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amazingly pleasurable start to my brief time in opposition if I were to have an amendment accepted by the Government at this early stage. I beg to move.

The Earl of Balfour: My concern about income tax is that it is a tax based upon where you are employed, as against, say, council tax, which has to do with one's home. I am not an expert on taxes, and in fact I employ an accountant to look after my tax affairs and have never attempted to do that myself. For example, I was for a while employed by an English company and my tax returns went to the office close to Bishop Auckland in County Durham. What concerns me to some extent is that, if we are talking about income tax, I would have thought it would be fairly easy for many companies to move their registered office to England and perhaps avoid paying some of the tax. Equally, if a person is domiciled in England but working for a Scottish company whose registered office is in Scotland, are they not likely to pay Scottish income tax rather than English income tax? That is one of my concerns. I quite realise there is going to be an income tax.

Also there is the question of corporation tax. Does that come into the calculation? As I understand it, the basic rate of income tax is 23 per cent. whereas corporation tax is about 40 per cent. These are the sorts of problems which concern me as a Scot domiciled in Scotland. I may be wrong, but I have always felt that your tax was based on your place of employment and not necessarily on where you live. That is one of the things that worries me about the tax-varying powers, particularly in connection with income tax.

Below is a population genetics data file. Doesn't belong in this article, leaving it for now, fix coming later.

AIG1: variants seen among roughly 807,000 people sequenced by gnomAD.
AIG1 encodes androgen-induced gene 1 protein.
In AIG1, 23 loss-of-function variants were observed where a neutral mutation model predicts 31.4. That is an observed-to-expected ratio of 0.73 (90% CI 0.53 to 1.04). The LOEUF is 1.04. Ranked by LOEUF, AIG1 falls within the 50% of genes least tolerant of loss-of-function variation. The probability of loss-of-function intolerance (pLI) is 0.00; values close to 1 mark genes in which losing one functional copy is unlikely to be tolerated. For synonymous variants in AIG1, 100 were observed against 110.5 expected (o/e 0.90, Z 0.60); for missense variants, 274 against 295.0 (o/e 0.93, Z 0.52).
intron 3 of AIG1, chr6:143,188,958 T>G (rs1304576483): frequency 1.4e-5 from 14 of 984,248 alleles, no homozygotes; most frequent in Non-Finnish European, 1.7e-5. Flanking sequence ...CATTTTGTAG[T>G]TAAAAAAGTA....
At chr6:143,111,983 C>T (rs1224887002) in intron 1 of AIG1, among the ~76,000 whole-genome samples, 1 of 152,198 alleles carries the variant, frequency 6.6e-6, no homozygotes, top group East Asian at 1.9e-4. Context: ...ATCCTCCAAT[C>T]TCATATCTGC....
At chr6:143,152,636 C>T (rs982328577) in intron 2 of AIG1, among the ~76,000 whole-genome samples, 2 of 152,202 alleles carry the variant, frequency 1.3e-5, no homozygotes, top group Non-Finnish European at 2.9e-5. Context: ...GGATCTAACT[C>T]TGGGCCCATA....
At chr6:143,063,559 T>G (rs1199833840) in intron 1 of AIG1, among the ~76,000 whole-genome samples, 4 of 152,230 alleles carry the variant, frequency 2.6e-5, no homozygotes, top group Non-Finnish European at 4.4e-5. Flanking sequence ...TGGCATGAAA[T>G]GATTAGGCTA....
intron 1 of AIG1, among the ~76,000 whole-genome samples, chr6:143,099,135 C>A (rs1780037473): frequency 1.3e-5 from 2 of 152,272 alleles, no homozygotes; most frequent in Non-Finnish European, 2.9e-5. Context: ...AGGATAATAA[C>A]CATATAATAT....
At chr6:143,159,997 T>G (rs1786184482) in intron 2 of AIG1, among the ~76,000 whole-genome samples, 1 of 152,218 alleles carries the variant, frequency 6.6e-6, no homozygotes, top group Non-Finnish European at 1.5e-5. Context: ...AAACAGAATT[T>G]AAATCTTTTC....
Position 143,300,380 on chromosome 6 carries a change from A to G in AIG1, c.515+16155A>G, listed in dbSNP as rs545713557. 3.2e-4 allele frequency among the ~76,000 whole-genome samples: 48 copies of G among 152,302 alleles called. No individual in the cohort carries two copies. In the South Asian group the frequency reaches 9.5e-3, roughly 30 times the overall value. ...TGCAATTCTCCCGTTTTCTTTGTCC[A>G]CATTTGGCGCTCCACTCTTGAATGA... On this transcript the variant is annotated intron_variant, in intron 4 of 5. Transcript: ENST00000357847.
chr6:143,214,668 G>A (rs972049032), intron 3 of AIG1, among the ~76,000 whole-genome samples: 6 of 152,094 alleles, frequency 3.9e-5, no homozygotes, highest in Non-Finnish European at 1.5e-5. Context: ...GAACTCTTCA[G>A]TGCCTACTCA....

Lord Sewel: I do not intend to repeat the points I made in reply to the debate on the earlier amendment, but perhaps I could take up a couple of the points raised by the noble Lord, Lord Mackay of Ardbrecknish, and the noble Earl, Lord Balfour. Let me make it absolutely clear that we will obviously be producing our details on taxation in the White Paper. The noble Lord, Lord Mackay, makes the point that we may move in time from the concept of a basic rate. I accept that is possible: the concept may actually evolve and disappear. That is why we are taking time to make sure that the White Paper is sufficiently detailed to cover this sort of point and that is why I am not being as detailed and explicit as in some cases the noble Lord, Lord Mackay, wishes me to be at this time. These are matters which need a degree of thought and precision built into them.

As to whether the tax will be raised on the place of work or the place of residence, I have to say that all the thinking is in terms of place of residence. Where you live will actually determine whether you are liable to the additional power of the Parliament. These amendments, like those we discussed earlier, are intended to clarify the nature of the tax-varying powers of the Scottish parliament upon which the electorate will be invited to vote in the referendum. The purpose is to change the reference from tax-varying powers to refer specifically to income tax.